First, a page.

offering the studio dollars 900 million for 15 new films a year over a

five-year period. Its film channel, Club RTL, will have a big part to

play in the company’s digital offer, whichever route it chooses to go

down. Bertelsman is also a shareholder, alongside Kirch, in Premiere,

and is believed to be interested in increasing the channel’s sports

coverage before a digital upgrade. Lastly, RTL has also been trying to

strengthen its links with the world’s biggest media owner, Turner-

Time/Warner.



But even here, Kirch has its nose in front. Just days before the DF1

launch, Kirch signed an dollars 800 million long-term licensing deal

with Warner Brothers International. The agreement gives Kirch immediate

access to Warner films that were released last year and Time-Warner an

option to acquire an equity stake in DF1. The Warner television channel,

WBTV, will be added to DF1’s basic subscription tier.



Not content with that, Kirch also increased the bidding with

MCA/Universal by offering dollars 1 billion for a long-term rights

agreement. Although the details have not been disclosed, it is worth

assuming that the deal will edge RTL out of the picture.



For many, this bidding war strengthens their sense of deja vu - BSB

promised to throw similarly astronomical sums of money at film studios

in the late 80s, but the sums just didn’t add up. Some commentators

wonder whether the same might not be true about the digital race in

Germany.



The D-Box decoders retail at DM890 (pounds 400), which isn’t cheap, even

for affluent, techno-loving Germans. The boxes were only available in

250 shops at launch and, although this is set to rise to 2,500 outlets

by the end of the summer, many observers question whether anything like

100,000 units can be shifted by Christmas. At the moment, only one

manufacturer - a subsidiary of the Vebacom telecommunications group -

is supplying boxes. Only when there is competition between manufacturers

will the number of boxes rise.



Digital signals will not be transmitted over cable networks in the

immediate future. More than 60 per cent of German households are cabled

and they are not going to buy satellite dishes just so that they can get

digital pictures. The Kirch Group estimates that DF1 will not be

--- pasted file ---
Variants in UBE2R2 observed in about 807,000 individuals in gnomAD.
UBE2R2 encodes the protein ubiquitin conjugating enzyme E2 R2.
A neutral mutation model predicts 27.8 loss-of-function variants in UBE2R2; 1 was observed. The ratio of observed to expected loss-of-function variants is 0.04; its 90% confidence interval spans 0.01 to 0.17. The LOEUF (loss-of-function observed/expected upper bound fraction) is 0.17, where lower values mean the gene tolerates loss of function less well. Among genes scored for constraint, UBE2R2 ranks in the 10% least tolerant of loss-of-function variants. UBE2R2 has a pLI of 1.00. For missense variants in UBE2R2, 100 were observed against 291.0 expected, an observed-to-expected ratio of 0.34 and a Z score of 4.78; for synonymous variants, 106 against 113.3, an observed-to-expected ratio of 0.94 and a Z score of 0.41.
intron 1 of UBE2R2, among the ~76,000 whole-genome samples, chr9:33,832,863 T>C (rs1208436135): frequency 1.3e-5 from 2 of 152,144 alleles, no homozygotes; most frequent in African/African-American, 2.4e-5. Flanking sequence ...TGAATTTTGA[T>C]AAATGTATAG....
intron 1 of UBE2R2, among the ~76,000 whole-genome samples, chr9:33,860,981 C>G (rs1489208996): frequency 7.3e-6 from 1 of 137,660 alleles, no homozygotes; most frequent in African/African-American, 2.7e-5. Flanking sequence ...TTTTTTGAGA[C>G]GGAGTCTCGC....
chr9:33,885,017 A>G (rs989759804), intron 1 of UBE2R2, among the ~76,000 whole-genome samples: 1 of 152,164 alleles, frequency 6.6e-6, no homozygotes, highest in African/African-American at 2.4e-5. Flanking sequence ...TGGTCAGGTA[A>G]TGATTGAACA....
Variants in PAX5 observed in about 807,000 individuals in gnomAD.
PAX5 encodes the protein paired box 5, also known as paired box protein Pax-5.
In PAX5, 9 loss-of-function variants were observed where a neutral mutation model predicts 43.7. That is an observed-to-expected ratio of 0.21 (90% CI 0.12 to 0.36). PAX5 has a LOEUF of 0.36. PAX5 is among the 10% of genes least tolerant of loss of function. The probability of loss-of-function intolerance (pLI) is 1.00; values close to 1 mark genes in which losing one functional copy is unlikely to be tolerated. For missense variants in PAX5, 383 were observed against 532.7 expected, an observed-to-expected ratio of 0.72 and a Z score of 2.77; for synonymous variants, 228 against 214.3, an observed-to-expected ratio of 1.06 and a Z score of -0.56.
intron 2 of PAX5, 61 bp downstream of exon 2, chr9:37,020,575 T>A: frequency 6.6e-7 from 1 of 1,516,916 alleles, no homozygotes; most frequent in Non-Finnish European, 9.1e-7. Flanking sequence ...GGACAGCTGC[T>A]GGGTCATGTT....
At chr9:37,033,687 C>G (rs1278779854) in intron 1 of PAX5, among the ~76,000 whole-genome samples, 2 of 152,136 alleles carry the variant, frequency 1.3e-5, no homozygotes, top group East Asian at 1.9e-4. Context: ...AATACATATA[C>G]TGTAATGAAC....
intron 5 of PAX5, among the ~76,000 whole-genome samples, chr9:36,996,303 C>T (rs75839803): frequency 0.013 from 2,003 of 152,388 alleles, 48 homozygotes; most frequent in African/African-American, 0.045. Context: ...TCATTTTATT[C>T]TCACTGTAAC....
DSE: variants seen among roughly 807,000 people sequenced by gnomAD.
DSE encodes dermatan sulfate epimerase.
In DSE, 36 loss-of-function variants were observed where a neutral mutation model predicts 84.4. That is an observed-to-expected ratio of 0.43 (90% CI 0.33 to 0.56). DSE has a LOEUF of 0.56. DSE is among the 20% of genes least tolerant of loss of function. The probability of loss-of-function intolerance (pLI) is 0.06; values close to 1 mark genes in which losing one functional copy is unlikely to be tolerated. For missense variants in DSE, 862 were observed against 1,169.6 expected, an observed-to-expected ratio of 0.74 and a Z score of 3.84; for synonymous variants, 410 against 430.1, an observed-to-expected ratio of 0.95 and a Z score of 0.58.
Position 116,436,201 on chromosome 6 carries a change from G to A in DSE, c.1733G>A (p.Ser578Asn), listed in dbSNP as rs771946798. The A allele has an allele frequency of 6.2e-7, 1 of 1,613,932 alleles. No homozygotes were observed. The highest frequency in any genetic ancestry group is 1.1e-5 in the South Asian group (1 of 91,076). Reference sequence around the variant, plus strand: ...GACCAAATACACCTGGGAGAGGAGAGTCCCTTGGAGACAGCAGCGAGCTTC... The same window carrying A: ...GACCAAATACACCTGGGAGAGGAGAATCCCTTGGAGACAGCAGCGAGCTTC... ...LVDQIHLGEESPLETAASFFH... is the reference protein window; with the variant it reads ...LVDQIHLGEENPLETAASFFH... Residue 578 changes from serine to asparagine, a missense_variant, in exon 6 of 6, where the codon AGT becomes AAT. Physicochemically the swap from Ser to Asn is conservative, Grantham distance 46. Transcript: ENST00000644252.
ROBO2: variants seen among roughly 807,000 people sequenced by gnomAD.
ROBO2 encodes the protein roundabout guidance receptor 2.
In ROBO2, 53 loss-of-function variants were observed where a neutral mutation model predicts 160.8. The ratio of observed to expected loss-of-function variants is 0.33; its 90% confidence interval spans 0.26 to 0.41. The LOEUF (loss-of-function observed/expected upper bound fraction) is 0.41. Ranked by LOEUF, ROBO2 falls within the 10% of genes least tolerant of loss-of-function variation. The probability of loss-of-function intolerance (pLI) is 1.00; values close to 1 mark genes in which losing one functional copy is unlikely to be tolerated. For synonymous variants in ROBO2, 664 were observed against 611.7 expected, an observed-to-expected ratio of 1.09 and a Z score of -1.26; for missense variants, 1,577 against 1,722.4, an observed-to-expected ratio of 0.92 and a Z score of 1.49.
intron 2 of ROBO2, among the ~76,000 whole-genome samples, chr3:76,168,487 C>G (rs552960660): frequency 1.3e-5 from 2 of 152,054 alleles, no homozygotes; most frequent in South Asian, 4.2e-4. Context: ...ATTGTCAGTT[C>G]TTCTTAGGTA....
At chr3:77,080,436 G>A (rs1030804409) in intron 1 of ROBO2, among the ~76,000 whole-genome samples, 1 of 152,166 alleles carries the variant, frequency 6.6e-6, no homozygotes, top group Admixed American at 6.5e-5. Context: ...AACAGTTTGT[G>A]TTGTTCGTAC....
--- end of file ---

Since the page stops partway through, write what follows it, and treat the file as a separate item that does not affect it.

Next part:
profitable until it has attracted three million subscribers. It could

take a long time.



David Linn, the broadcast director of HMS Carat in Wiesbaden, says that

advertisers shouldn’t be worried about losing viewers to pay-per-view

services in the medium term. ‘Even when DF1 succeeds in getting three

million subscribers, those subscribers will only devote 20 per cent of

their time to it, if the patterns we’ve seen for existing subscription

services are anything to go by. That’s the equivalent to losing a

potential 600,000 viewers in a country that has an adult TV audience of

60 million. That isn’t exactly the stuff that turns the world on its

head,’ he points out.



Linn believes the jury will be out until things settle down, especially

regarding the channel line-up.



The Premiere channel could be the key to this. Delivered in conventional

analogue format on cable and satellite systems, Premiere is a

subscription channel with a customer base of one million. Unfortunately,

it is owned by both Kirch and Bertelsmann and a tug of war is already

developing. However, a well-managed upgrade to digital could help

maximise the new technology’s potential in this start-up phase. The two

sides will have to reach an understanding before that can happen.



Linn adds: ‘The fact that both sides have agreed a compatible

transmission standard is a great step forward because everyone thought

that if there were two competing systems, it would create consumer

uncertainty, which in turn would have paralysed the market. No-one

doubts that in the future everything will go digital.’



This, of course, is the heart of the matter. Digital will offer almost

infinite channel capacity, high-quality wide-screen pictures and ever

more sophisticated pay-per-view and subscription management systems. In

the not too distant future, all new TV sets will have in-built digital

decoders. But, in the medium term, access to the digital audience will

be controlled by its pioneers.



The rewards could be huge. In Germany, for instance, many broadcasters

may end up using the DF1 platform to launch digital channels, but Kirch

and Murdoch will be collecting the subscription revenues on their

behalf. That will put them in a very powerful position. And they will

almost certainly export the lessons they learn in Germany to other

markets. Kirch has links with Nethold, which has subscription TV

interests in the Netherlands and Scandinavia, and the two companies

control the Italian Telepiu pay-TV operation, which is also planning to

go digital in the near future. Murdoch, of course, has BSkyB, and

worries have already been raised that he will seek to control the

digital market in the UK.



The gamble is whether Europe’s consumers want digital pictures and

whether they are ready to pay for them. The odds look good.



This article was first published on campaignlive.co.uk